H. E. Sheikh Hamad bin Jassim bin Jabr Al Thani,
Prime Minister and Minister of Foreign Affairs
of the State of Qatar
the Declaration of the New Project on Global
World Economic Forum
30 January 2009
Ladies and Gentlemen,
I am pleased to take part in this session dedicated to launching the World Economic Forum's initiative on "Global Governance".
As you know, the direct factor prompting launching this initiative is the current world financial crisis, which has highlighted the dangers that threaten us all at a time when it has become clear that we are living in a state of interdependence requiring to face jointly the challenges of the 21st century since we live in a single world under an agreed upon global governance system in the broadest possible scope and based on common world interests rather than facts of singular self-power.
The problems from which the world is suffering are in numerous areas, including economy and finance, the environment, society, technology as well as political domains of international relations. To address such issues effectively cannot be undertaken within the organizational frames of international relations laid down after World War II. As a matter of fact, major changes have taken place since then in the international community in addition to the immediate and future needs which should be met so that collective peace may prevail not only in its conventional military sense.
No country in the 21st century can stand completely alone, no matter how powerful it may be. The present threats and problems transcend national borders and such threats and problems are interrelated and should be addressed at global and regional levels as well as at the national level.
Development in this respect is the indispensable basis. Development tackles numerous tasks. It is part of a long-term strategy to avoid wars breaking out and address situations where both terrorism and organized crime prosper. We should act in financial fields with a view to promoting development. If we want chaos not to prevail, we should accept the necessity of compliance with international law. The United Nations was set up in 1945 mainly "to save succeeding generations from the scourge of war". However, we all know that, sixty years later, the most serious security threats which we are currently facing and which we will face in the coming decades are not only launching wars of aggressions by states. Indeed, threats include poverty, infectious diseases, deterioration of the environment, warfare and violence within countries, spread and potential use of weapons of mass destruction, terrorism, and transnational organized crime. Such threats are posed by parties other than states as well as by states jeopardizing human security in addition to national security.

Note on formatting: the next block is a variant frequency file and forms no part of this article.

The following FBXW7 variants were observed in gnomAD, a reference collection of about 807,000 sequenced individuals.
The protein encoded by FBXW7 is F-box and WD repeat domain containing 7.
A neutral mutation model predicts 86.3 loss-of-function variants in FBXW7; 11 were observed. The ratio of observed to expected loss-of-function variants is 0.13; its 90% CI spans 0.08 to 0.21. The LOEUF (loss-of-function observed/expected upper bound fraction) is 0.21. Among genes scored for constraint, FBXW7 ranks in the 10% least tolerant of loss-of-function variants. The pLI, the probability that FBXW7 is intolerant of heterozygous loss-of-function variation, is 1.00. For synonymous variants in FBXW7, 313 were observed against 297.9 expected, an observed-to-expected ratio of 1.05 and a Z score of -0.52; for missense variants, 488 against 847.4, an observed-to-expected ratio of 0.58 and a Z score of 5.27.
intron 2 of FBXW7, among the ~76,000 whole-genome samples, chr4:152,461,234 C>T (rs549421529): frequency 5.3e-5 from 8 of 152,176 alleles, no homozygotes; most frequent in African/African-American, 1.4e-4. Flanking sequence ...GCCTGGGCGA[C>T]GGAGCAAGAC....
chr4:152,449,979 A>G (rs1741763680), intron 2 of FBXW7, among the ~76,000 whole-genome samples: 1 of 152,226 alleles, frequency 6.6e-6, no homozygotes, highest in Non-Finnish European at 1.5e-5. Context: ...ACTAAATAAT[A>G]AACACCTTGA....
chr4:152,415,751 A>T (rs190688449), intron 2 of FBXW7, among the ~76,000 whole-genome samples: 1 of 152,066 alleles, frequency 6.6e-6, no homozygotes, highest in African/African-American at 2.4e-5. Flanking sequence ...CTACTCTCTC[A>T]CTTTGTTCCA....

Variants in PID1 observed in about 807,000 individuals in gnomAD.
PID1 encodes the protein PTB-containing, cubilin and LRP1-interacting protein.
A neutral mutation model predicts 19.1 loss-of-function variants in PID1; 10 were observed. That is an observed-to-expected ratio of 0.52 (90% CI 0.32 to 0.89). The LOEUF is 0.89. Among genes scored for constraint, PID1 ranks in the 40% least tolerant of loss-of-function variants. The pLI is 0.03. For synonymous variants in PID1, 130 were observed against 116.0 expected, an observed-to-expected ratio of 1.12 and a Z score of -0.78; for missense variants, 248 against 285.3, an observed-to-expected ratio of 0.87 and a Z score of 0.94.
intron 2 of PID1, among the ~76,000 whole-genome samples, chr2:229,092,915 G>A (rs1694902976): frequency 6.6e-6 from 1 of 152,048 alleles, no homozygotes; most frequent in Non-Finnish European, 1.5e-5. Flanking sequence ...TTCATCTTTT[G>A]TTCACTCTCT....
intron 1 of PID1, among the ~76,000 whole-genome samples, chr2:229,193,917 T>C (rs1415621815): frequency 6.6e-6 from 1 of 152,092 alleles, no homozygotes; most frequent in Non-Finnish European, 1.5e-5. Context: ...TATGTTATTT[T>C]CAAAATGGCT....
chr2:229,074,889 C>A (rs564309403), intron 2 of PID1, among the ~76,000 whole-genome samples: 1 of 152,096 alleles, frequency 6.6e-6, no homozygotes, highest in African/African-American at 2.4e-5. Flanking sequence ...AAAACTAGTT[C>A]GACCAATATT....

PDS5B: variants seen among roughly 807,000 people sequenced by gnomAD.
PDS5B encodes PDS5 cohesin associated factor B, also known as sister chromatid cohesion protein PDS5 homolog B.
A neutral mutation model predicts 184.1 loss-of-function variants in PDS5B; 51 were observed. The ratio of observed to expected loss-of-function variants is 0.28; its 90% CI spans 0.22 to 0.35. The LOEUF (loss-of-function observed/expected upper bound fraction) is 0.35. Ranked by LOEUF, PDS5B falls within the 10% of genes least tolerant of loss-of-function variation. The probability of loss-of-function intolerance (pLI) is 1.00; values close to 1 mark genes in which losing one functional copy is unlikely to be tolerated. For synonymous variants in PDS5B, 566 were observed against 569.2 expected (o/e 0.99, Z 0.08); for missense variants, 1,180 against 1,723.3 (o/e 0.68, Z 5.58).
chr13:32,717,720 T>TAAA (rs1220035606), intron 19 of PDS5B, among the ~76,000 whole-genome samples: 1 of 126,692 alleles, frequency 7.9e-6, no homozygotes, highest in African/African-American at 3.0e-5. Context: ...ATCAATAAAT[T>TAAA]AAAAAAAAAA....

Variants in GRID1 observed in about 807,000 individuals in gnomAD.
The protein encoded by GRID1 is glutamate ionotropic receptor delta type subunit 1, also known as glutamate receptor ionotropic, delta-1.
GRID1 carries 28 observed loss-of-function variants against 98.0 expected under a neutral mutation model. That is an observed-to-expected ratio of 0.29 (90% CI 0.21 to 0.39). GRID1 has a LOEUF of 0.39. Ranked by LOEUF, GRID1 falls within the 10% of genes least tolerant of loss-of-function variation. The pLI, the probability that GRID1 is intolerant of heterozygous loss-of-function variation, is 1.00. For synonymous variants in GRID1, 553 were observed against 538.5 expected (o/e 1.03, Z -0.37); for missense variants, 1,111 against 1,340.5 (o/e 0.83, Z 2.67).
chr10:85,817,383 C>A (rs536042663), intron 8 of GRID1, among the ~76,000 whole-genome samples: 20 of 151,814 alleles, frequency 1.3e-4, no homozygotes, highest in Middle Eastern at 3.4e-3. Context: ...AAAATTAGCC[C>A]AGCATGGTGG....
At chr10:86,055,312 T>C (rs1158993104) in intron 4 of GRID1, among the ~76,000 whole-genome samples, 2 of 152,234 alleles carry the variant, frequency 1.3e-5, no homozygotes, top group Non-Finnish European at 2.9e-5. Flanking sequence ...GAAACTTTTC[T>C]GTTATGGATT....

Ladies and Gentlemen,
The initiative aims at launching a new global governance system based on a set of principles, organizations and processes which assist the world in addressing issues with consequences that go beyond national borders, a group of people or a specific domain of human activities. Efforts should focus on the following major areas: failure in world markets, failure in exercising sovereignty powers to ensure order within countries and address problems which transcend their borders, and lack by competent organizations of the capability to address problems, absence of appropriate visions, lack of expertise and resources, and refusal to change by countries with vested interests. All these indicate failure to exercise powers emanating from a country's sovereignty.
Within this context, I would like to state some points which I modestly believe deserve attention.
First: It is quite understood why the world financial crisis has prompted the World Economic Forum to launch the Global Governance Proposal, which explains the focus in the agenda of this annual session on economy. Yet, the political aspect of collective security should also have equal emphasis. This may be the essential factor for success of any other domains.